Wednesday, 28 December 2011

More amazing honeyguide discoveries!

Steel-blue Whydah, Seronera, Dec 2011.
We've featured honeyguides on the blog here before, and I wouldn't normally come back to the same species so soon, but another recent paper (available to all for free here) by Claire Spottiswoode and colleagues has grabbed my attention by demonstrating nicely some of the challenges that generalist brood parasites have to overcome. There are, of course, three groups of brood parasites (birds that lay eggs in the nests of other species to let them raise the young) in East Africa: the well known cuckoos and the less well known honeyguides and whydahs.

Greater Honeyguide, Tarangire, Sep 2011
Now most whydahs are extremely host specific - the Eastern Paradise Whydah will only lay in Green-winged Ptylia nests, whilst Broad-tailed Paradise Whydah nests in Orange-winged Ptylia. Similarly, Straw-tailed Whydah is pretty exclusive to Purple Grenadier, Purple Indigobird is perhaps best identified by listening to snatches of it's host, Jameson's Firefinch, etc. Others are slightly less specific - the Steel Blue Whydah lays in the nests of the very closely related Black-cheeked and Black-faced Waxbills and Pin-tailed will parasitise several waxbill species. Cuckoos and Honeyguides too tend to specialise somewhat, but not completely. And this is where it gets interesting. To some degree is obvious that in a species with a single host there are strong evolutionary pressures on the female to lay eggs of a similar size, colour and marking to that of the single host, a relatively simple problem. But it's less easy if you're trying to match several different species all at once as even closely related species often have differently marked eggs (perhaps as a mechanisim to make brood parasite's lives harder?). And so we find that in some of these groups some interesting evolution has taken place - in Cuckoos we've long known that females will (nearly) always lay their eggs in the nests of the same species as they were fostered in. If such differentiation happened over the long term, one might expect a new species to evolve - one that parasitises one species, another on another (which might well be what happened in the whydahs, or even among the other groups too). But the difference here is that males don't care - they'll mate with any female that looks right and is willing, so the species as a whole remains united, despite female 'races' developing. So then you have to ask whether females from one host lay eggs that differ to those of females from another host, and if so, how can they possibly have evolved such specific genes to colour and pattern the eggs in the face of complete mixing from the males? And this is (part of) the question that Claire and colleagues were interested in.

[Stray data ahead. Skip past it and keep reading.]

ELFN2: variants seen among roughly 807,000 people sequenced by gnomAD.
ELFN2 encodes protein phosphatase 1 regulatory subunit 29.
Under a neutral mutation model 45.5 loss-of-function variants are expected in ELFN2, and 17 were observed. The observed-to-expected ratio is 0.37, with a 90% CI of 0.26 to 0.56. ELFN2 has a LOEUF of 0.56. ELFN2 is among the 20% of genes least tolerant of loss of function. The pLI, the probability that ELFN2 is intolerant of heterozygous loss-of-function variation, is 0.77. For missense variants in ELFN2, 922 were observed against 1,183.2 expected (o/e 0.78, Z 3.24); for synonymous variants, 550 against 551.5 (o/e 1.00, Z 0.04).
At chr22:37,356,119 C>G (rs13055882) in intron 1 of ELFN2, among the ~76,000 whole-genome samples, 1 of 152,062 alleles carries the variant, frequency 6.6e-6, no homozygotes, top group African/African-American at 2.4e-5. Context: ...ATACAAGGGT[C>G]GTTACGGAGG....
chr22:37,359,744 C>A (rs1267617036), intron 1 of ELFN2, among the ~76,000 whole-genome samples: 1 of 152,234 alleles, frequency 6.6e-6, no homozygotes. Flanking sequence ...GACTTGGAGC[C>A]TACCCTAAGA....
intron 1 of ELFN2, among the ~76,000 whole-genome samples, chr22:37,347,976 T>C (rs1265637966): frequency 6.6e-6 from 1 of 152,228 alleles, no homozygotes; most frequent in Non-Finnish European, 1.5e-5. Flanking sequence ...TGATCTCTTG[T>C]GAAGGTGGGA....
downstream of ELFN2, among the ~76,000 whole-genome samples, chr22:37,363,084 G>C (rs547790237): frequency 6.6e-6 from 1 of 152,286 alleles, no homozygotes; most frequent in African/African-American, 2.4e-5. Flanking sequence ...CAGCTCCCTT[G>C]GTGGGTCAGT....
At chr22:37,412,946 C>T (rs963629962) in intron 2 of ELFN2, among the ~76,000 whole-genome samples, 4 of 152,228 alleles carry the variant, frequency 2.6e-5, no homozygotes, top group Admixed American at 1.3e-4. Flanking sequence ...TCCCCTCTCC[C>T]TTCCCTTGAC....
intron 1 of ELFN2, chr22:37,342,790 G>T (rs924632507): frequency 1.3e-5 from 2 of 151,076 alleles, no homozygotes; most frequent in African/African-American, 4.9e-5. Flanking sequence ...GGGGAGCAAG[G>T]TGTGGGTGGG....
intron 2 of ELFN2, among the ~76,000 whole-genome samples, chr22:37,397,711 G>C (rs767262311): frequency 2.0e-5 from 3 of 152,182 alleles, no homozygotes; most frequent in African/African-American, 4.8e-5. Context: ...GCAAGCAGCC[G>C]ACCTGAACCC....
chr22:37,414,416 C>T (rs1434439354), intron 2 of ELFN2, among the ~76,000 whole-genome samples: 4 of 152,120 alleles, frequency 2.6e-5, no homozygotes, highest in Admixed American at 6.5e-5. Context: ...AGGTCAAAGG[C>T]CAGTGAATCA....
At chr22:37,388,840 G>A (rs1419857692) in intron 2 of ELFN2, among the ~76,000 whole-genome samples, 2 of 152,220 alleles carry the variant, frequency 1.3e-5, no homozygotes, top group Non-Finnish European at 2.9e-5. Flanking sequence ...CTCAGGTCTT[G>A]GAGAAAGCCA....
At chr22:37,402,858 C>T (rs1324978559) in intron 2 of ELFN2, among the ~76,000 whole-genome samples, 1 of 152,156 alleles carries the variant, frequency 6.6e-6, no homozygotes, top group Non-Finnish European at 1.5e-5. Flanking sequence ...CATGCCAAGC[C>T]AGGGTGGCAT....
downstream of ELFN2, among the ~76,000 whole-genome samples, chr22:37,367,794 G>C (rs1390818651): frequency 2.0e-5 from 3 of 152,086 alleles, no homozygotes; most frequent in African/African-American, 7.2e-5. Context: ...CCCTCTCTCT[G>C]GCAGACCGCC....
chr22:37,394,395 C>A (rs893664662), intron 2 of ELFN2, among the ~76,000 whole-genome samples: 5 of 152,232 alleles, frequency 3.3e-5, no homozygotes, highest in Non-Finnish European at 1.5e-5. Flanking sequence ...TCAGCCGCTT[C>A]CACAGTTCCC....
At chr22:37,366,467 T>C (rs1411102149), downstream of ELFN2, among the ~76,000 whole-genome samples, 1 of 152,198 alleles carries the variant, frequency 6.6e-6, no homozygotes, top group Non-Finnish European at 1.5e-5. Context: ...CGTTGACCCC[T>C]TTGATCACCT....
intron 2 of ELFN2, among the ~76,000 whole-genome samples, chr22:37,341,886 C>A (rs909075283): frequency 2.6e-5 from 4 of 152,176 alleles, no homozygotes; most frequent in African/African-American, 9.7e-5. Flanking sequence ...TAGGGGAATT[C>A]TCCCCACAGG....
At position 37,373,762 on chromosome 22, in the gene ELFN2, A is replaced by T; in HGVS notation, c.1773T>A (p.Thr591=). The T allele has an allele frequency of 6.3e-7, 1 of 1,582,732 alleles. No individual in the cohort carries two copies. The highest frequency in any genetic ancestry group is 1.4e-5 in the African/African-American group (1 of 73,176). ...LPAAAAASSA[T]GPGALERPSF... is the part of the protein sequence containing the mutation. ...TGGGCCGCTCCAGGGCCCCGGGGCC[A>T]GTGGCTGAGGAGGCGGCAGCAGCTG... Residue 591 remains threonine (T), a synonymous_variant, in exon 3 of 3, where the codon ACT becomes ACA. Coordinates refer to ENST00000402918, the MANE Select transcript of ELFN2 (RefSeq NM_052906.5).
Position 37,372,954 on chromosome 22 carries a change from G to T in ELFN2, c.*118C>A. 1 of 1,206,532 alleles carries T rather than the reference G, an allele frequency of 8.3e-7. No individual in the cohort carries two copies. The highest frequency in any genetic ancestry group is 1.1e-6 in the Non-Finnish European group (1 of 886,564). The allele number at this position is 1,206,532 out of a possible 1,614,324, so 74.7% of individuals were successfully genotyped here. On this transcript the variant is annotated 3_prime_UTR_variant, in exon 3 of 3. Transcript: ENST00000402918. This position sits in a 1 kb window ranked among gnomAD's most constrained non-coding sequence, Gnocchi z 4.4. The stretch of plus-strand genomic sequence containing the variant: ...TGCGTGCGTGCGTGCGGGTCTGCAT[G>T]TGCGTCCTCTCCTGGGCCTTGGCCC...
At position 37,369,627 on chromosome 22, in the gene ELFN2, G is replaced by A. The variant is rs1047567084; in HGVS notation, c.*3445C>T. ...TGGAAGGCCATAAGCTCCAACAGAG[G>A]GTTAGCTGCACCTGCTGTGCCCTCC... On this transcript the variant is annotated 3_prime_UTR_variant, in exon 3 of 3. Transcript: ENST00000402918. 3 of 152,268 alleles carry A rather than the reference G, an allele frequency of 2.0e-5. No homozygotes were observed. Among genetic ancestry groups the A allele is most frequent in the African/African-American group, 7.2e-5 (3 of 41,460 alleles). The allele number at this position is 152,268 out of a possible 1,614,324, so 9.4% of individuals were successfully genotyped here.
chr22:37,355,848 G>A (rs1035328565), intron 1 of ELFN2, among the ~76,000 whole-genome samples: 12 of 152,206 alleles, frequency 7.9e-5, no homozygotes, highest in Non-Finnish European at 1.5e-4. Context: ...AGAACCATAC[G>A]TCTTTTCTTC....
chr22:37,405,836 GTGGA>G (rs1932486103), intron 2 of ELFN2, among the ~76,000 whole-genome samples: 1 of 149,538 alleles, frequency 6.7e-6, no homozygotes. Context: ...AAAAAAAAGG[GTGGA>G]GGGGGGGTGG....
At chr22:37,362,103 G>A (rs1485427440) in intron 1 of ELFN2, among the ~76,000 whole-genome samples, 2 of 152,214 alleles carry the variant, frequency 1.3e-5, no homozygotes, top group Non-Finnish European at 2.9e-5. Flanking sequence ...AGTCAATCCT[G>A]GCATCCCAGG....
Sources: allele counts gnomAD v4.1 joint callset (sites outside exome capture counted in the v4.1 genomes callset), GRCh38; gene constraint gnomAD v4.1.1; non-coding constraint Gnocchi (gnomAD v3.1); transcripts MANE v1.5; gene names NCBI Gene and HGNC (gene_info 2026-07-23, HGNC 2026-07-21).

Male Greater Honeyguide, Tarangire, Sep 2011

They show very nicely that Greater Honeyguides have two main groups of host species - birds that nest in tree holes (African Hoopoe, Green Wood-hoopoe, etc.), and those that nest in earth holes (Little Bee-eater, Striped Kingfisher, etc.). The former have larger and longer eggs, the latter smaller, rounder ones. And so two forms of female greater honeyguides seem to have evolved - one specialising in the tree nesters, one in the ground nesters and as expected the females of each group lay appropriately shaped and sized eggs. So how do they do it? Well, one of the important theories that was developed as long ago as 1933 is based on another fundamental difference between birds and mammals that's important to know. In both mammals and birds the sex of a developing embryo is determined by chromosomes, the DNA containing structures that control inheritance. In mammals, everyone has one 'X' chromosome we inherit from our mothers, but from our fathers we can either inherit another 'X' chromosome (which would make us female), or - like our father - we could inherit a 'Y' chromosome, which would make us male. The 'Y' chromosome is therefore inhereted father to son, to grandson, etc., without ever finding itself in a female, and it's this pattern of inheritance that makes us male or female. Now what differs in birds is that instead of the X and Y combination making us male, it would make a bird female. Male birds have two of the same type of chromosomes, females are the ones with the different pair, and to make this distinction easier we don't use the X and Y terminology, but talk of W and Z chromosomes instead. So, unlike in mammals, it's the females of birds who have a unique chromosome that is passed one through mother to daughter to grand-daughter, without ever passing through a male. So if the information for how to colour your egg is stored on this chromosome, no information about it will ever come from a male. A neat solution to how the species as a whole can be unified by the males, but females can differ (possibly substantially) in the genes they have on their unique chromosome.Hope that's clear...